Global Rare Earth Elements (Cerium, Dysprosium, Erbium) Market Size, Share & Trends Analysis Report 2019-2025 - ResearchAndMarkets.com

DUBLIN--()--The "Rare Earth Elements Market Size, Share & Trends Analysis Report By Product (Cerium, Dysprosium, Erbium), By Application (Magnets, Catalyst), By Region, And Segment Forecasts, 2019 - 2025" report has been added to ResearchAndMarkets.com's offering.

The global rare earth elements market is anticipated to reach USD 5.62 billion by 2025

The growing use of permanent magnets in the production of batteries for electric vehicles is expected to propel the demand for rare earth elements including neodymium, praseodymium, dysprosium, gadolinium, and terbium over the forecast period. Neodymium and praseodymium based rare earth permanent magnets are majorly used in the manufacturing of batteries.

The growing demand for electric vehicles coupled with the government initiatives on reducing the CO2 emissions is expected to boost the demand for permanent magnets. In March 2019, the Chinese government reduced subsidies for electric vehicles in order to promote innovation amongst local manufacturers on account of declining costs. The incentives for electric cars with less than 400 km range decreased from 50,000 yuan to 25,000 yuan, while the incentives for vehicles ranging less than 250 km have been eliminated.

According to USGS, China holds the largest amount of reserves with 44 million tons and Malaysia holds the least amount of reserves with 30 thousand tons. It also stated that the U.S. has USD 6.2 trillion worth of mineral reserves. However, the stringent regulatory policies towards mining in the U.S. has forced the companies to import the raw materials from China. Hence, the production of raw material has been a major challenge for the U.S companies.

The increasing prices of rare earth elements and high investments to open new mines have given rise to recycling of the product. Japan is one of the major producer of recycled rare earth elements. In 2010, Hitachi developed a new technology for recycling rare-earth magnets from air conditioners and hard disk drives. It can separate recycle magnets approximately eight times more efficiently than conventional methods. In 2012, The Honda Corporation opened the first rare earth recycling plant. The company utilized used automotive parts containing metals to produce rare earth elements.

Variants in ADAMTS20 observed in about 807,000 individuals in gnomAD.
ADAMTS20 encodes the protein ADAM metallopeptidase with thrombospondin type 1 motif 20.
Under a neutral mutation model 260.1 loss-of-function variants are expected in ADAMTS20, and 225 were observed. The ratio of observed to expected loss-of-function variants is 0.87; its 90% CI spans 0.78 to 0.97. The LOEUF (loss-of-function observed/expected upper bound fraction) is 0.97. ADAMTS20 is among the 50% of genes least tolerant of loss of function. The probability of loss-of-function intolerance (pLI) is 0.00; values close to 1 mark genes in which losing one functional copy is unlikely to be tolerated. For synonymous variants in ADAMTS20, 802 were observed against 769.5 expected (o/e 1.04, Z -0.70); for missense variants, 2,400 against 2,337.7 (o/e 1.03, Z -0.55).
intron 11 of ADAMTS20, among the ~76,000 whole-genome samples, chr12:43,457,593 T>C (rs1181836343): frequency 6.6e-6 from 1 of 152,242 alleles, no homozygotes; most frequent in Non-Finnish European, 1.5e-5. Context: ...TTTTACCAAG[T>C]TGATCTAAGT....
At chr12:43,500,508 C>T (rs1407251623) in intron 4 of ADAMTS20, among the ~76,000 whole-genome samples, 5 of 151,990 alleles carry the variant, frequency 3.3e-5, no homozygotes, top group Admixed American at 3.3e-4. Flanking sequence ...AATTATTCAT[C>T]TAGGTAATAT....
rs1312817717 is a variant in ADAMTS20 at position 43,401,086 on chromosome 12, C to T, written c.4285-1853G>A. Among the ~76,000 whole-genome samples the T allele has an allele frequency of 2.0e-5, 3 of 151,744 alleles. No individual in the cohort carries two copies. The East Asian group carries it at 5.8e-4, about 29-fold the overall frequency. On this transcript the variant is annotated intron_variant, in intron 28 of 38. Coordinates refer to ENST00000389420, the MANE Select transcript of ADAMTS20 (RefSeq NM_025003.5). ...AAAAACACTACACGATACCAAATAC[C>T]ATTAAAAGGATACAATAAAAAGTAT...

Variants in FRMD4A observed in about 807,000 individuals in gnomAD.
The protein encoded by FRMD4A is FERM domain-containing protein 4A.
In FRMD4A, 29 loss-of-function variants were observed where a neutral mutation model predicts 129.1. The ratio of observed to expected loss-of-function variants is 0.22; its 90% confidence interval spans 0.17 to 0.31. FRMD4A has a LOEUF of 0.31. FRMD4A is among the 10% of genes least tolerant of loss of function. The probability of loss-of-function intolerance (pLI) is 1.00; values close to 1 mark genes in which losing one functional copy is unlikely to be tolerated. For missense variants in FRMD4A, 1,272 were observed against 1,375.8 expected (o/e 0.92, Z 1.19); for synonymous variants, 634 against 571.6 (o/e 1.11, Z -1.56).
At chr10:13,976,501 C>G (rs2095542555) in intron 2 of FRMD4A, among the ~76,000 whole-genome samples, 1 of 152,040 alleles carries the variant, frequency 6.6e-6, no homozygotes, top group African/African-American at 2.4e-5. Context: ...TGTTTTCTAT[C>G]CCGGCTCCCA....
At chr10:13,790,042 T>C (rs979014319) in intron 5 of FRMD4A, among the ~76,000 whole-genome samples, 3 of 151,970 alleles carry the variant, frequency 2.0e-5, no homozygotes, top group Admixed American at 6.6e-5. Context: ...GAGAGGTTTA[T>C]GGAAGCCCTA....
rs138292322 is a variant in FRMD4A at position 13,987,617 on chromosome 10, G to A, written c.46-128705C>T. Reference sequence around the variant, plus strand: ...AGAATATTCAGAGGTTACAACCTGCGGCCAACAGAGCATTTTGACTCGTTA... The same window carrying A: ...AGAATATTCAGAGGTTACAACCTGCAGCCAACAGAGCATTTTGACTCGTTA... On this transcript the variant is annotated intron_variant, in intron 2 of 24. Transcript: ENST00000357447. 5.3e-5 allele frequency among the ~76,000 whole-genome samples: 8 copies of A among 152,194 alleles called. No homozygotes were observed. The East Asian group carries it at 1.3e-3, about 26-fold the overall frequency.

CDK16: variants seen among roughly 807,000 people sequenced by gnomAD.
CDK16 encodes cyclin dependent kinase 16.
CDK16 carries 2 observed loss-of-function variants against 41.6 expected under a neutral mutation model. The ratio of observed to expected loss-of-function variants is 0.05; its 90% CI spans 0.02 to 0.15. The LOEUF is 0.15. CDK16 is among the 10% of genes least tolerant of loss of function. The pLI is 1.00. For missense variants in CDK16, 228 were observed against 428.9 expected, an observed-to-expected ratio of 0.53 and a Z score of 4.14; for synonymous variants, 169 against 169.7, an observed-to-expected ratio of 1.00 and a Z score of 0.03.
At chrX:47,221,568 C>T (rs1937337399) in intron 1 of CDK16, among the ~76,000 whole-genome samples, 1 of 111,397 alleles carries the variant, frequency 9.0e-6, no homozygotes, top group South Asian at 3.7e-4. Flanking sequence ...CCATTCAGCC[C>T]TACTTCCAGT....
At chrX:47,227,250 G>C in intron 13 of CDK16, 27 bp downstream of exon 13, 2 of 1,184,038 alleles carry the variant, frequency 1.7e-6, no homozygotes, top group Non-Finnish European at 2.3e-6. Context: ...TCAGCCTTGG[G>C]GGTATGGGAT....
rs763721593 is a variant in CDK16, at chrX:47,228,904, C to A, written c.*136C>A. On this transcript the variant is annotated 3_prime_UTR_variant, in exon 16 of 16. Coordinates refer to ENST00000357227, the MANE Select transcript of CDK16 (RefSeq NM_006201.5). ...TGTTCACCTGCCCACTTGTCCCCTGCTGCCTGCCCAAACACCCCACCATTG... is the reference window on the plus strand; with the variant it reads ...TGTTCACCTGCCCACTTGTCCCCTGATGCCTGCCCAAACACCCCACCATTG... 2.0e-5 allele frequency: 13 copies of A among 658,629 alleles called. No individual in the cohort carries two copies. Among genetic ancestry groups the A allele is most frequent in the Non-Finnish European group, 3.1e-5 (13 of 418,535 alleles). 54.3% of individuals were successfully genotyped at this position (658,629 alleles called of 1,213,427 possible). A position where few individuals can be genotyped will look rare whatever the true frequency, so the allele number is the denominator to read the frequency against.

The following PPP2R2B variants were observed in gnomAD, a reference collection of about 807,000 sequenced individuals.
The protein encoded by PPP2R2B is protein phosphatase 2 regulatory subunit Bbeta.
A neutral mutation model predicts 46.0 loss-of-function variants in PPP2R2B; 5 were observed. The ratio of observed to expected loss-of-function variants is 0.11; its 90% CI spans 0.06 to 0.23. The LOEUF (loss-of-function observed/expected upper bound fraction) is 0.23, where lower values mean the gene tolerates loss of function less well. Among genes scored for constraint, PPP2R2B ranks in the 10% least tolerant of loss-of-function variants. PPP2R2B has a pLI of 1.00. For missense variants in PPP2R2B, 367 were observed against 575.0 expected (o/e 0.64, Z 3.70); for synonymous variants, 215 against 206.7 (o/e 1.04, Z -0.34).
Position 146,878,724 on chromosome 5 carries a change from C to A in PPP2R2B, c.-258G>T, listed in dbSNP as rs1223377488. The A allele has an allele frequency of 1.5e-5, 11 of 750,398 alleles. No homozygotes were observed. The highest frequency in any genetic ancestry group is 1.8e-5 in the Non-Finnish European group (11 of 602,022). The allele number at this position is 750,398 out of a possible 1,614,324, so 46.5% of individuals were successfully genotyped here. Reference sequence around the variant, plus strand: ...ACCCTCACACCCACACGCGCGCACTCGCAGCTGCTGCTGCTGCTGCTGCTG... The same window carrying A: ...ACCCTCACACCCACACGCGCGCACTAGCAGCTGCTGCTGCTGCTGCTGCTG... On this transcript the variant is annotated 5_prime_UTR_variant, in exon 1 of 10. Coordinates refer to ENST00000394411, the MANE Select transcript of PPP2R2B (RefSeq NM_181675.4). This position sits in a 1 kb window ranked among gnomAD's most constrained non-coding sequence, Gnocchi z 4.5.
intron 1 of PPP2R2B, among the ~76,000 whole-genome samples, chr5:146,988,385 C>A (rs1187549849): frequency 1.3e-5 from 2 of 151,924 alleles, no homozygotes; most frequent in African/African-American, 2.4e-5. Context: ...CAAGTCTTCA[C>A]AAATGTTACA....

The key players in the rare earth elements market are involved in acquisitions, expansions, and long term binding agreements with their customers. In Nov 2017, Hitachi Metals Ltd acquired Santoku Corporation, a Japanese manufacturer of alloys. This strategy was aimed at accelerating the production of neodymium magnet alloys in order to achieve sustainable growth in the global market.

Further key findings from the report suggest:

  • Neodymium is anticipated to register a CAGR of 8.3%, in terms of volume, from 2019 to 2025 owing to growing demand for permanent magnets
  • Catalyst application accounted for a revenue share of 18.7% in 2018 owing to increasing demand from automotive and petroleum refining industries.
  • Middle East & Africa is expected to grow at a CAGR of 6.9%, in terms of volume, over the forecast period owing to rising investment in expansion of refinery capacities
  • In 2016, Hitachi Metals Ltd entered into a joint venture with Zhong Ke San Huan Hi-Tech Co., Ltd. to manufacture Neodymium-Iron-Boron magnets
  • The major players are adopting strategies like capacity expansion and agreements with the end-use industries to cater to growing demand for rare earth elements. For instance, in January 2018, Lynas Corporation signed an agreement with Bosch, an automotive component supplier. This agreement was aimed at ensuring continuous supply of rare earth materials to Bosch.

Companies Mentioned

  • Lynas Corporation Ltd
  • Alkane Resources Ltd
  • Northern Minerals Ltd
  • Arafura Resources Ltd
  • Ucore Rare Metals Inc.
  • Hitachi Metals Ltd.
  • Shin-Etsu Chemical Co., Ltd.
  • Greenland Minerals Ltd
  • Iluka Resources Limited
  • Indian Rare Earth Limited
  • Arnold Magnetic Technologies
  • Namibia Critical Metals Inc.
  • Avalon Advanced Materials Inc.
  • Rare Element Resources Ltd.
  • China Northern Rare Earth (Group) High-Tech Co., Ltd.

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Contacts

ResearchAndMarkets.com
Laura Wood, Senior Press Manager
press@researchandmarkets.com

For E.S.T Office Hours Call 1-917-300-0470
For U.S./CAN Toll Free Call 1-800-526-8630
For GMT Office Hours Call +353-1-416-8900